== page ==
U.S. begins indirect talks with Iran Tuesday on reentering nuclear deal
“The primary issues to be discussed are actually quite simple,” State Department spokesperson Ned Price told reporters Monday. “They are, on the one hand, the nuclear steps that Iran would need to take” to return to compliance with the 2015 nuclear accord, “and the sanctions relief steps that the United States would need to take.”
But while the meeting breaks a months-long impasse between the two sides, success is expected to be anything but simple.
The meeting, to be held in Vienna, will be attended by senior officials of the six countries remaining in the deal following U.S. withdrawal in May 2018 — Britain, France, Germany, Russia, China and Iran. The Europeans will form working groups among the participants and serve as go-betweens for the United States and Iran, who plan no face-to-face encounters.
No timetable has been announced. In an ideal world for both sides, agreement will be reached within two months, before Iran holds its presidential election in June. Hard-liners are favored to win and might drive a harder bargain.
“I think the Biden administration made a miscalculation in delaying this process,” Suzanne DiMaggio of the Carnegie Endowment for International Peace said in a briefing for reporters. “But Vienna is an opportunity for course correction.”
Biden officials disagree that they dragged their feet, noting that the new administration has been consumed with its domestic agenda, and that Iran has refused its offer of direct talks. Until recently, both Tehran and Washington insisted that the other first take unilateral steps to return to compliance with the terms of the agreement.
The issue moved forward after the United States offered indirect discussions and, last week, Iran agreed to an offer that the European Union would host the separate-room talks.
“We don’t anticipate at present that there will be direct talks with Iran, though of course we remain open to them. And so, we’ll have to see how things go, starting early this week,” Price said.
Publicly, Iran still rejects the kind of simultaneous, sequential steps toward compliance that the administration envisions. “We have only one step and not step-by-step [lifting of sanctions,] and this one step includes the lifting of all sanctions imposed by the United States,” Iranian Foreign Ministry spokesperson Saeed Khatibzadeh said in a Tehran news conference Monday, according to Iran’s PressTV.
“In return, Iran will be ready to reverse its remedial measures, which were taken because of the opposite side’s violation of the treaty,” Khatibzadeh said, repeating a bottom line voiced in recent weeks by Iran’s Supreme Leader Ali Khamenei.
“Clearly, if they stick to that position we’re not going anywhere,” DiMaggio said. “My sense is this is an opening bid” and “the Iranians will have to move back” to accepting simultaneous actions, she said.
The “remedial measures” Iran began a year after President Donald Trump withdrew from the deal nearly three years ago include restarting uranium enrichment at a higher level than what was allowed by the accord and bringing online advanced, deal-banned centrifuges. U.S. officials now estimate that Iran’s “breakout time” — the amount of time necessary to assemble sufficient fissile material for a nuclear weapon — which had increased to at least a year under the restrictions, has now dropped to a few months.
U.S. opponents of the deal have argued that stepped-up enrichment has gained Iran incalculable knowledge that no return to its original terms can eliminate. But “the Biden administration has to accept increased knowledge. There isn’t anything we can do about it,” said Kelsey Davenport, director for nonproliferation policy at the Arms Control Association.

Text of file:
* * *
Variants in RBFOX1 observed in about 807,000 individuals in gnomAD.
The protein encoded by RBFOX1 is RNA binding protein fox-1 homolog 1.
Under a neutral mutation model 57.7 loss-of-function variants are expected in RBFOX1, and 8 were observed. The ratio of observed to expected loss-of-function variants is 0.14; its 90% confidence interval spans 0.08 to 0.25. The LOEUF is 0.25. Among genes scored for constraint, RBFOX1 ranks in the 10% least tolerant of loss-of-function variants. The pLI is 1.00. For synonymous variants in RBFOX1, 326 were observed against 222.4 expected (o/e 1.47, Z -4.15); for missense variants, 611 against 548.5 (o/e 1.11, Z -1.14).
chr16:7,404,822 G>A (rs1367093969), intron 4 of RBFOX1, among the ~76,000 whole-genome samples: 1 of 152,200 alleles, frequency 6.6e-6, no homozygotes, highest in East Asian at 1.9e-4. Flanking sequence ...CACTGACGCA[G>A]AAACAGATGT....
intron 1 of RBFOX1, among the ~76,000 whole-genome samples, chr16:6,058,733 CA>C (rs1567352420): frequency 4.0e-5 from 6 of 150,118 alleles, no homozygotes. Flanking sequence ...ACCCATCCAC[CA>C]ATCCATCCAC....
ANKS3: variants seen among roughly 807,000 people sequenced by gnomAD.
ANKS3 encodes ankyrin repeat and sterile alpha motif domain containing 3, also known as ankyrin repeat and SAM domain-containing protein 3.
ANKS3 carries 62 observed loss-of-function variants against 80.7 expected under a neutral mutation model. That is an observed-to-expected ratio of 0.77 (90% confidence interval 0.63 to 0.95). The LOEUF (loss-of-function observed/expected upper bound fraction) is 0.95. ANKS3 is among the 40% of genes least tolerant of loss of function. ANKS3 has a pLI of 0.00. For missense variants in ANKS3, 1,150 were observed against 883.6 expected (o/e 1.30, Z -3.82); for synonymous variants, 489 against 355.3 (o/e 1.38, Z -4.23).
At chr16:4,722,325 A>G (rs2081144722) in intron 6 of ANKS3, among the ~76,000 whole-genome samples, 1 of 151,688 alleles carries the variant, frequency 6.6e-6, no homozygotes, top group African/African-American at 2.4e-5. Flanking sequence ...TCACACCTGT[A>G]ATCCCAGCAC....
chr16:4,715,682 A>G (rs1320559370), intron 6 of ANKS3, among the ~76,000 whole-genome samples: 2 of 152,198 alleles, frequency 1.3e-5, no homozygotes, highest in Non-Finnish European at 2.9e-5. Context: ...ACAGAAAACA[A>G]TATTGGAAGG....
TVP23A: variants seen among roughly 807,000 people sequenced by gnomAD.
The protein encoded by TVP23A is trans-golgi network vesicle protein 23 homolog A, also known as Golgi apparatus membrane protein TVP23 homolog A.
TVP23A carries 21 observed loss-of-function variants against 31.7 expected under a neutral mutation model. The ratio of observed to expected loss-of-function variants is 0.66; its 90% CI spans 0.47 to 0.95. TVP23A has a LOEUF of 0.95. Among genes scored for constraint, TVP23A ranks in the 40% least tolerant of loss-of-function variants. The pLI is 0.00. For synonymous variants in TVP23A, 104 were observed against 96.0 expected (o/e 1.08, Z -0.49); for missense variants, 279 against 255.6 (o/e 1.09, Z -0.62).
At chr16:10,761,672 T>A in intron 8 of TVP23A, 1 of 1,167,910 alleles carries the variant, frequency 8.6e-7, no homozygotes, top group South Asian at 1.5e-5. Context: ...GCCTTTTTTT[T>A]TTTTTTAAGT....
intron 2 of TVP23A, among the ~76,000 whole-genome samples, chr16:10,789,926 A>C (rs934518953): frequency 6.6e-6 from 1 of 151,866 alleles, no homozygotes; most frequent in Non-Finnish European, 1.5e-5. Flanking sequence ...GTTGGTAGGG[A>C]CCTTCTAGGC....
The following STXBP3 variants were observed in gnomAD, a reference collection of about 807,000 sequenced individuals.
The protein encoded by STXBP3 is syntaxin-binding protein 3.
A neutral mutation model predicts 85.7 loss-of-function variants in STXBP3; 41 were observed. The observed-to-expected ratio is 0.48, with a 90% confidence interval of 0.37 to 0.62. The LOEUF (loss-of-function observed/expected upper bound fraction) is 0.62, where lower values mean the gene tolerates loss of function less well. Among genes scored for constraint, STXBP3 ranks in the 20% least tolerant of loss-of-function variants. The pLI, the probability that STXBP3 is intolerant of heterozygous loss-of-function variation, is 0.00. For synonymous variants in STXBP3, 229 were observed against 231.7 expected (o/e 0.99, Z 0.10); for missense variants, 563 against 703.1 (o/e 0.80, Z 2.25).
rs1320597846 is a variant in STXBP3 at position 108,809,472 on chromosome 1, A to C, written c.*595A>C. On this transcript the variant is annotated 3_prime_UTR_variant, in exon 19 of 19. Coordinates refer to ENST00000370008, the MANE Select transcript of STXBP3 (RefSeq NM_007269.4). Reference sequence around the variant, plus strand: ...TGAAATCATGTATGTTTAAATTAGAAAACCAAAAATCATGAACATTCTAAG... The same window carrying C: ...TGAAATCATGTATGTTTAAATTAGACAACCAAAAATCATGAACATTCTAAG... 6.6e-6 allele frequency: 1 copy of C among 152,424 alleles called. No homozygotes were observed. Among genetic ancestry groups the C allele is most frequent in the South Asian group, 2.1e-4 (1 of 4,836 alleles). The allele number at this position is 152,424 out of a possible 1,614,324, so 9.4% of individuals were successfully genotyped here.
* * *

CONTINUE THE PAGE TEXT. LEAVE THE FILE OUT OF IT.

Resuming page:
“The critical question is, can it be managed . . . Can the nonproliferation benefits of the JCPOA still be restored,” she said of the agreement formally known as the Joint Comprehensive Plan of Action. “I would say certainly.”
For Iran, reversal back to compliance with the agreement by mothballing centrifuges and turning over enriched uranium may be far more simple than what it demands the United States do to return to the deal.
Chief among the complications are the more than 1,500 sanctions and designations that Trump piled on Iran after withdrawing from the accord, even as he reinstated the nuclear-related measures that had been lifted under the deal.
Iran has demanded a complete return to where things stood when the deal was signed in 2015. But the agreement applied only to nuclear-related sanctions; the new Trump-imposed measures were imposed for a range of alleged sins, from attempts to build a nuclear weapon — a goal that Iran has consistently denied — to expanding its ballistic missile program, supporting proxy forces fighting regional battles and allegedly sponsoring state terrorism.
As they approached the talks, U.S. officials have spent weeks trying to pick apart the web of Trump sanctions, which deal supporters charge were intentionally selected to make it impossible for a new administration to change policy. Among them are anti-terrorism sanctions on Iran’s Central Bank and the terrorism designation of the Islamic Revolutionary Guard Corps, a branch of the Iranian military responsible for proxies and domestic repression.
“When Donald Trump violated the JCPOA . . . he resorted to a policy of maximum pressure on Iran . . . which included sanctioning everything that his team could think of, whether or not it was nuclear related,” said Thomas Countryman, board chair of the Arms Control Association and a career diplomat who served as acting undersecretary of state for arms control and international security.
“Both Trump administration officials and the regime-change lobby here in Washington were and still are very explicit that the purpose was to make it as difficult as possible for a successor administration to remove sanctions,” he said.